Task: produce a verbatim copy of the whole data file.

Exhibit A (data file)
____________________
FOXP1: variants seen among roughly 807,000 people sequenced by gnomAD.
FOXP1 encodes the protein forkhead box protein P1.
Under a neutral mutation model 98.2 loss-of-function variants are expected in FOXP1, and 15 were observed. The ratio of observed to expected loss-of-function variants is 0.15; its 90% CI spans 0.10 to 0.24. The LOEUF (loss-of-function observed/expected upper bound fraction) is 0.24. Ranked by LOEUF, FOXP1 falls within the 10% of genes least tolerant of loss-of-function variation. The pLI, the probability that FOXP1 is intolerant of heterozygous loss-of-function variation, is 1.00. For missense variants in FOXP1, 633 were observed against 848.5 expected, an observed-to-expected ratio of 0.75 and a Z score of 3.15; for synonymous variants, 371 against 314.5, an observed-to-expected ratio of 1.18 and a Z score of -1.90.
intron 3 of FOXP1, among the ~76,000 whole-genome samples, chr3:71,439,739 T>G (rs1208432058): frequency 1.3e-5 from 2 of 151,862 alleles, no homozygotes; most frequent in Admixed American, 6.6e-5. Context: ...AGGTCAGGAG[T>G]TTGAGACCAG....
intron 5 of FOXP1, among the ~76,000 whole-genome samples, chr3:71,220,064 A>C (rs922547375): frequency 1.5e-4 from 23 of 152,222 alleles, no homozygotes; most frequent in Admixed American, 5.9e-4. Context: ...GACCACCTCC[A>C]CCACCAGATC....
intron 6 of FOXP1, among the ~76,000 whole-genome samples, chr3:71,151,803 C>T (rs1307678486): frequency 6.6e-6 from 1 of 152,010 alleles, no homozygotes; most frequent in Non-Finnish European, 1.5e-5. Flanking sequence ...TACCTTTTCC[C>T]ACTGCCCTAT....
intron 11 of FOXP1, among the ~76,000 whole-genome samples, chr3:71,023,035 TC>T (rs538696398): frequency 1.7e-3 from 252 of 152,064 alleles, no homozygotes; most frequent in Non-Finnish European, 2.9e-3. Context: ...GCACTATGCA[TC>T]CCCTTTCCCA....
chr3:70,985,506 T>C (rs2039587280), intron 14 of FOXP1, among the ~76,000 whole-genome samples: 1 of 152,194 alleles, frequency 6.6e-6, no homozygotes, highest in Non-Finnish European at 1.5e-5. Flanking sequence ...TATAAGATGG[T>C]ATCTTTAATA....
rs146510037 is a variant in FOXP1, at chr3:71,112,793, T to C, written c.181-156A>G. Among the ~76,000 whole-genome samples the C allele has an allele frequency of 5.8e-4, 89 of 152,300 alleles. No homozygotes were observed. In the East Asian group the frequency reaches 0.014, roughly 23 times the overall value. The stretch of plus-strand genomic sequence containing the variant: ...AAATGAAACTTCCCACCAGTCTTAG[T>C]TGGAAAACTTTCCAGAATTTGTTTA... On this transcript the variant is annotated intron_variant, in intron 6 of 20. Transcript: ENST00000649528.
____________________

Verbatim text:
FOXP1: variants seen among roughly 807,000 people sequenced by gnomAD.
FOXP1 encodes the protein forkhead box protein P1.
Under a neutral mutation model 98.2 loss-of-function variants are expected in FOXP1, and 15 were observed. The ratio of observed to expected loss-of-function variants is 0.15; its 90% CI spans 0.10 to 0.24. The LOEUF (loss-of-function observed/expected upper bound fraction) is 0.24. Ranked by LOEUF, FOXP1 falls within the 10% of genes least tolerant of loss-of-function variation. The pLI, the probability that FOXP1 is intolerant of heterozygous loss-of-function variation, is 1.00. For missense variants in FOXP1, 633 were observed against 848.5 expected, an observed-to-expected ratio of 0.75 and a Z score of 3.15; for synonymous variants, 371 against 314.5, an observed-to-expected ratio of 1.18 and a Z score of -1.90.
intron 3 of FOXP1, among the ~76,000 whole-genome samples, chr3:71,439,739 T>G (rs1208432058): frequency 1.3e-5 from 2 of 151,862 alleles, no homozygotes; most frequent in Admixed American, 6.6e-5. Context: ...AGGTCAGGAG[T>G]TTGAGACCAG....
intron 5 of FOXP1, among the ~76,000 whole-genome samples, chr3:71,220,064 A>C (rs922547375): frequency 1.5e-4 from 23 of 152,222 alleles, no homozygotes; most frequent in Admixed American, 5.9e-4. Context: ...GACCACCTCC[A>C]CCACCAGATC....
intron 6 of FOXP1, among the ~76,000 whole-genome samples, chr3:71,151,803 C>T (rs1307678486): frequency 6.6e-6 from 1 of 152,010 alleles, no homozygotes; most frequent in Non-Finnish European, 1.5e-5. Flanking sequence ...TACCTTTTCC[C>T]ACTGCCCTAT....
intron 11 of FOXP1, among the ~76,000 whole-genome samples, chr3:71,023,035 TC>T (rs538696398): frequency 1.7e-3 from 252 of 152,064 alleles, no homozygotes; most frequent in Non-Finnish European, 2.9e-3. Context: ...GCACTATGCA[TC>T]CCCTTTCCCA....
chr3:70,985,506 T>C (rs2039587280), intron 14 of FOXP1, among the ~76,000 whole-genome samples: 1 of 152,194 alleles, frequency 6.6e-6, no homozygotes, highest in Non-Finnish European at 1.5e-5. Flanking sequence ...TATAAGATGG[T>C]ATCTTTAATA....
rs146510037 is a variant in FOXP1, at chr3:71,112,793, T to C, written c.181-156A>G. Among the ~76,000 whole-genome samples the C allele has an allele frequency of 5.8e-4, 89 of 152,300 alleles. No homozygotes were observed. In the East Asian group the frequency reaches 0.014, roughly 23 times the overall value. The stretch of plus-strand genomic sequence containing the variant: ...AAATGAAACTTCCCACCAGTCTTAG[T>C]TGGAAAACTTTCCAGAATTTGTTTA... On this transcript the variant is annotated intron_variant, in intron 6 of 20. Transcript: ENST00000649528.